Alcohol Law to Go to Council of Ministers by Week’s End

A draft of Cambodia’s first alcohol law—which if passed would introduce a drinking age of 21 and ban the sale of alcohol between 12 a.m. and 6 a.m.—will be sent to the Council of Ministers by the end of the week, Health Minister Mam Bunheng said Tuesday.

Mr. Bunheng, whose ministry drafted the law and will be charged with enforcing it, said an inter-ministerial committee had already met to discuss and tweak it.

“We will send it to the Council of Ministers by the end of this week,” he said.

According to Mr. Bunheng, the law aims to protect Cambodians from overindulging.

“It is important that this law focuses on educating people on how to use alcohol, because when we use alcohol too much, it will affect our health,” he said.

If the 39-article law is approved by the Council of Ministers—and then passed by the National Assembly—Cambodia will become one of the world’s most restrictive nations in regard to alcohol consumption. Along with the minimum drinking age of 21, which is imposed by only a handful of other countries, it would also place bans on drinking in public spaces.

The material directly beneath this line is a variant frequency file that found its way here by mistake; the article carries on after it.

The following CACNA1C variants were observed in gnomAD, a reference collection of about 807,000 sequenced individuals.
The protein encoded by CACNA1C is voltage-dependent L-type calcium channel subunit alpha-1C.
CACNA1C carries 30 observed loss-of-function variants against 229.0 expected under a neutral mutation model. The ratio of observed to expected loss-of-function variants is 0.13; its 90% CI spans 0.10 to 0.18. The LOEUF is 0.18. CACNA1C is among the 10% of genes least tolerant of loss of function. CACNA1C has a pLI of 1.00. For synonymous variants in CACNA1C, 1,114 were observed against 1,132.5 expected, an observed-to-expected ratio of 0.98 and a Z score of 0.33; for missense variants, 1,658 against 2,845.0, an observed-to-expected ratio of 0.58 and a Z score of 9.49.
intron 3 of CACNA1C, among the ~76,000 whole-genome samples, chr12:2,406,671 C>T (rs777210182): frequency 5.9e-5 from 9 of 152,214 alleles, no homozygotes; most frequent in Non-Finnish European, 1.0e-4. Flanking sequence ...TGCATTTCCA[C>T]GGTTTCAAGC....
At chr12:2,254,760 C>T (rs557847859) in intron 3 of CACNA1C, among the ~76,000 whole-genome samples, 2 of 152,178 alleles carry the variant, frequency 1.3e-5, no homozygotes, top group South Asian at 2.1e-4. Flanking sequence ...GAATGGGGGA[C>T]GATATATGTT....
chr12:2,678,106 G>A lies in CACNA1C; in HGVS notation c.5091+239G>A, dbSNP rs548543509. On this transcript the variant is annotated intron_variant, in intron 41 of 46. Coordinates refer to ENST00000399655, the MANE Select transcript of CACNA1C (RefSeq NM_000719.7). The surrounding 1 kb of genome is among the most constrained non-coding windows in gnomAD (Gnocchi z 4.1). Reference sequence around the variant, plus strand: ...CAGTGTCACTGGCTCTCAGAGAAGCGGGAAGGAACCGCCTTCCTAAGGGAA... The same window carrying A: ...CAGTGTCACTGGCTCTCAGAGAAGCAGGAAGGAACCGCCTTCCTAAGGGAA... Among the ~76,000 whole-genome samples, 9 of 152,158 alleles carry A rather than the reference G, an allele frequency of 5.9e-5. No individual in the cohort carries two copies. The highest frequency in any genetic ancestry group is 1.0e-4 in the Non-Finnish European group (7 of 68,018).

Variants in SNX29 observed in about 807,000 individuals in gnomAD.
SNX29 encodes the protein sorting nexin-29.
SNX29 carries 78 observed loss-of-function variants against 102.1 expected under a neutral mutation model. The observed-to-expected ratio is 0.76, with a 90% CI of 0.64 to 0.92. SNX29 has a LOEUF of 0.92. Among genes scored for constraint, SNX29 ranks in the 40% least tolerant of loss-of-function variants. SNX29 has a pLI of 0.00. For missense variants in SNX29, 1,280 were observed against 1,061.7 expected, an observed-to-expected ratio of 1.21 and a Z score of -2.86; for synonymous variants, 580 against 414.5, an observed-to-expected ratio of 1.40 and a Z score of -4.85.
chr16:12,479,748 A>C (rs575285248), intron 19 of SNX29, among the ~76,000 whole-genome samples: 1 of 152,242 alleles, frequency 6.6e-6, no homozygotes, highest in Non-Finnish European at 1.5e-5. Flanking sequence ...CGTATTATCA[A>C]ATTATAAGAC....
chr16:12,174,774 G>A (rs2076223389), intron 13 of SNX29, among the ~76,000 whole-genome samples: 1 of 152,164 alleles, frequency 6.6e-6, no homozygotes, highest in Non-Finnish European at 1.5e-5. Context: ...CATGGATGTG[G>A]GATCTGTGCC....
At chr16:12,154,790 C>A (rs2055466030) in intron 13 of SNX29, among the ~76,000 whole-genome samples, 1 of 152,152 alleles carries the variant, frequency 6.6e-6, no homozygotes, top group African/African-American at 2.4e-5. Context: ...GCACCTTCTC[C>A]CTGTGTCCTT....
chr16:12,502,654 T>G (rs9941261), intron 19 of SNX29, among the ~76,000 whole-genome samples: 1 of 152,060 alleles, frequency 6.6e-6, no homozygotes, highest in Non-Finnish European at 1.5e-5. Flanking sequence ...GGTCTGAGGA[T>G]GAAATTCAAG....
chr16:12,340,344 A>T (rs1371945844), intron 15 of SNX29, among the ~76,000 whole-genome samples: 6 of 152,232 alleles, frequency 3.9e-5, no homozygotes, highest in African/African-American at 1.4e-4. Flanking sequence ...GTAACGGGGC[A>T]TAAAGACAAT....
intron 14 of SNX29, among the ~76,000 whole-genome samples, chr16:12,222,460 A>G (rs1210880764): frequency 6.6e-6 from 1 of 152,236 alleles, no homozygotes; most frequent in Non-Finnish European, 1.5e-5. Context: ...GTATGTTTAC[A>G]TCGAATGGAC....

According to the draft, Article 4—which covers any beverage with an alcohol content level above 1 percent—distills the law’s essence.

“The focus of the law is the alcohol industry and the people who distribute alcohol, meaning the wholesalers, importers and vendors. Other areas of focus are advertising, promotion and marketing, and sponsorship activities,” the article says.

The law would restrict the consumption of alcohol in public spaces including health institutes, educational facilities, parks and religious buildings.

One notable provision, which could significantly impact nightlife in the country, is Article 13, which imposes a “ban on the sale of all alcoholic beverages between 12 a.m. and 6 a.m.”

The article adds, however, that “establishments will be able to apply for approval to operate during those hours.”

In articles 30 to 35, the state acknowledges that enforcing penalties on drinkers would be difficult, and that fines would place an additional burden on already disadvantaged citizens. It says it will therefore regulate the industry that produces and sells alcohol.

Article 30 outlines the penalties that would be imposed on those that fail to label alcoholic beverages with clear and informative lists of dangerous ingredients and their corresponding health impacts.

“Local producers and importers from abroad that distribute and sell alcohol that do not implement this law…face one to six months in prison and a fine of 4 million riel [about $1,000] to 20 million riel [$5,000],” it says.

The draft alcohol law was announced in June at a press conference during which a panel of experts pointed to research showing that 96 percent of Cambodians were in favor of the government tackling alcohol abuse, which the World Health Organization says is on the rise.

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